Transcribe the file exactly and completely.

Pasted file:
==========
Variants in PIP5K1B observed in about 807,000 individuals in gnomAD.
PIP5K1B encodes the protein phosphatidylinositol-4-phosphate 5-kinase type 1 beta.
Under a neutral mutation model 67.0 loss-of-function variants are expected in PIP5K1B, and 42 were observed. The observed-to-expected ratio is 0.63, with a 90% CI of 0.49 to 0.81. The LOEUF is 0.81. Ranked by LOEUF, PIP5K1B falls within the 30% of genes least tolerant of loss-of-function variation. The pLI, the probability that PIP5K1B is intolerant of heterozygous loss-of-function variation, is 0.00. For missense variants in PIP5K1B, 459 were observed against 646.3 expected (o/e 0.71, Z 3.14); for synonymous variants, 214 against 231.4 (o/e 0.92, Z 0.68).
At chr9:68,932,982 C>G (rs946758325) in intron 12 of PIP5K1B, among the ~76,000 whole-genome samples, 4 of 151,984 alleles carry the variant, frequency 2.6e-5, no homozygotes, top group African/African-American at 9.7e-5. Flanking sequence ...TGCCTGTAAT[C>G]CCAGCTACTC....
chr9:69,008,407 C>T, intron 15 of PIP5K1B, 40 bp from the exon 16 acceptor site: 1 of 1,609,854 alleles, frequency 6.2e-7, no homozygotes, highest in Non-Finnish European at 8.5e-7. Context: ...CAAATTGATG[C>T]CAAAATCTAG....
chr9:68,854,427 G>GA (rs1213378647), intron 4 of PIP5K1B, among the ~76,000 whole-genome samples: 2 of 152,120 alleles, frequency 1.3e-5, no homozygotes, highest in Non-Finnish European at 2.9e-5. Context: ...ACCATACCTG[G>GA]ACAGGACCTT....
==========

Variants in PIP5K1B observed in about 807,000 individuals in gnomAD.
PIP5K1B encodes the protein phosphatidylinositol-4-phosphate 5-kinase type 1 beta.
Under a neutral mutation model 67.0 loss-of-function variants are expected in PIP5K1B, and 42 were observed. The observed-to-expected ratio is 0.63, with a 90% CI of 0.49 to 0.81. The LOEUF is 0.81. Ranked by LOEUF, PIP5K1B falls within the 30% of genes least tolerant of loss-of-function variation. The pLI, the probability that PIP5K1B is intolerant of heterozygous loss-of-function variation, is 0.00. For missense variants in PIP5K1B, 459 were observed against 646.3 expected (o/e 0.71, Z 3.14); for synonymous variants, 214 against 231.4 (o/e 0.92, Z 0.68).
At chr9:68,932,982 C>G (rs946758325) in intron 12 of PIP5K1B, among the ~76,000 whole-genome samples, 4 of 151,984 alleles carry the variant, frequency 2.6e-5, no homozygotes, top group African/African-American at 9.7e-5. Flanking sequence ...TGCCTGTAAT[C>G]CCAGCTACTC....
chr9:69,008,407 C>T, intron 15 of PIP5K1B, 40 bp from the exon 16 acceptor site: 1 of 1,609,854 alleles, frequency 6.2e-7, no homozygotes, highest in Non-Finnish European at 8.5e-7. Context: ...CAAATTGATG[C>T]CAAAATCTAG....
chr9:68,854,427 G>GA (rs1213378647), intron 4 of PIP5K1B, among the ~76,000 whole-genome samples: 2 of 152,120 alleles, frequency 1.3e-5, no homozygotes, highest in Non-Finnish European at 2.9e-5. Context: ...ACCATACCTG[G>GA]ACAGGACCTT....